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LAUREL CANYON—Weird stories about local plants always peak my curiosity. The science of plants forces you to ask a lot of questions, and only sometimes provides answers, and always requires you to challenge your assumptions. Then there’s the fun of chasing down the facts and myths. The other day, a friend identified a tobacco tree. If this was a tobacco tree, why don’t people grow it to smoke? I’ve travelled through the South and seen tobacco fields. Our tobacco tree doesn’t look anything like what I had seen. Our tree grows as a stalk with green paddle-shaped leaves and two inch showy yellow trumpet flowers. The leaves look like they might be leathery if they were dried, the same look as dried smoking tobacco.
Right off the bat, it became clear that this was a plant enmeshed in controversy. It’s poisonous; natives smoked it; they ingested it as a hallucinogen; the Spanish missionaries brought it to
Which is myth, which is fact? It is used as pesticide. It can calm a scorpion sting. In the same breath, people smoke it?
Tree tobacco is said to be a native of
Scientists conducted experiments with tobacco trees. They concluded that bees who feed from tobacco trees soon showed symptoms of a reduced appetite. Other scientists determined that concentrations of the tannin from tobacco trees reduces the corrosion of steel. I’m astounded by the thought that anyone would think about putting this into their lungs. Nonetheless, the tobacco tree leaves were and still proportedly smoked by California Native Americans in combination with Datura wrightii, the Thorn Apple plant, which is classified as a deliriant, to enhance the spiritual experience. I’ll put this in the myth column until I hear it from a Native American. Experts advise that this is dangerous because both plants induce respiratory depression.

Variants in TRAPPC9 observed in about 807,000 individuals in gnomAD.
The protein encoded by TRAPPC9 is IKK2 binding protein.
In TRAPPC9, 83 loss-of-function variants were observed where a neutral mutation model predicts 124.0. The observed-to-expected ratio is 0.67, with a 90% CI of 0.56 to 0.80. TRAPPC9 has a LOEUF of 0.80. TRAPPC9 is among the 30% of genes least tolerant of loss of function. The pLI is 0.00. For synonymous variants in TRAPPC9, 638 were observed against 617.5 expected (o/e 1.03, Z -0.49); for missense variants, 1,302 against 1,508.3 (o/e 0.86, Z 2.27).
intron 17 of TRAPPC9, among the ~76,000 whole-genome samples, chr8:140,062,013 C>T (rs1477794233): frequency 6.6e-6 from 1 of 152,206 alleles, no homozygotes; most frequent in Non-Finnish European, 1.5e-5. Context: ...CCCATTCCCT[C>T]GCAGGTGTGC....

There are still myths that legitimize the smoking of this plant. Mayans inhaled tobacco smoke as long back as 2,000 years. The only tobacco available to them would have been from the tobacco tree.
As scary as this side of the tobacco tree story is, there is always another side to every story. The pharmacognosy (study of medicine derived from natural sources) of the tobacco tree offers medicinal remedies. Native Americans prepared a poultice with fresh wild tobacco leaves, using it externally to alleviate pain. Dried tobaccoo tree leaves were rolled and smoked as a remedy for headaches and gout. Jean Nicot, a French ambassador to
I think its use as a pesticide is a good choice.
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